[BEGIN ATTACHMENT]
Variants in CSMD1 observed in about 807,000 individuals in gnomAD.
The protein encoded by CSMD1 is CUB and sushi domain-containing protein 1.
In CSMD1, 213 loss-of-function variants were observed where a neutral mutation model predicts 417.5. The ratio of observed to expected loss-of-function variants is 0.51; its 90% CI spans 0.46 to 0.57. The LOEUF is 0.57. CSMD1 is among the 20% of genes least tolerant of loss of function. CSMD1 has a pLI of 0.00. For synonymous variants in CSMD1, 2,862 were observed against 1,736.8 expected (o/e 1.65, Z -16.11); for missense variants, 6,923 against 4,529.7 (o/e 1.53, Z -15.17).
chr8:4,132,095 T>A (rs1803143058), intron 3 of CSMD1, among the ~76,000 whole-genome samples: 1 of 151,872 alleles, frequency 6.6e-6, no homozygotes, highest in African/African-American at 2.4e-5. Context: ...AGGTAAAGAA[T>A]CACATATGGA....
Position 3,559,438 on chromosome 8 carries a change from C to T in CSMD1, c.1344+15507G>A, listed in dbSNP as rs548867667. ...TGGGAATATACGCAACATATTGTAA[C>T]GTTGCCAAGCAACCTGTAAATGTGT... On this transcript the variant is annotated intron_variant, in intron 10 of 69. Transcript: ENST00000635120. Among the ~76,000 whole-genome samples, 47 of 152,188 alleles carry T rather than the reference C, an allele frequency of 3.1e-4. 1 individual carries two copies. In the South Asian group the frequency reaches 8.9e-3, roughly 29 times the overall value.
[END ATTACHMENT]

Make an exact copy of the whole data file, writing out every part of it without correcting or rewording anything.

Variants in CSMD1 observed in about 807,000 individuals in gnomAD.
The protein encoded by CSMD1 is CUB and sushi domain-containing protein 1.
In CSMD1, 213 loss-of-function variants were observed where a neutral mutation model predicts 417.5. The ratio of observed to expected loss-of-function variants is 0.51; its 90% CI spans 0.46 to 0.57. The LOEUF is 0.57. CSMD1 is among the 20% of genes least tolerant of loss of function. CSMD1 has a pLI of 0.00. For synonymous variants in CSMD1, 2,862 were observed against 1,736.8 expected (o/e 1.65, Z -16.11); for missense variants, 6,923 against 4,529.7 (o/e 1.53, Z -15.17).
chr8:4,132,095 T>A (rs1803143058), intron 3 of CSMD1, among the ~76,000 whole-genome samples: 1 of 151,872 alleles, frequency 6.6e-6, no homozygotes, highest in African/African-American at 2.4e-5. Context: ...AGGTAAAGAA[T>A]CACATATGGA....
Position 3,559,438 on chromosome 8 carries a change from C to T in CSMD1, c.1344+15507G>A, listed in dbSNP as rs548867667. ...TGGGAATATACGCAACATATTGTAA[C>T]GTTGCCAAGCAACCTGTAAATGTGT... On this transcript the variant is annotated intron_variant, in intron 10 of 69. Transcript: ENST00000635120. Among the ~76,000 whole-genome samples, 47 of 152,188 alleles carry T rather than the reference C, an allele frequency of 3.1e-4. 1 individual carries two copies. In the South Asian group the frequency reaches 8.9e-3, roughly 29 times the overall value.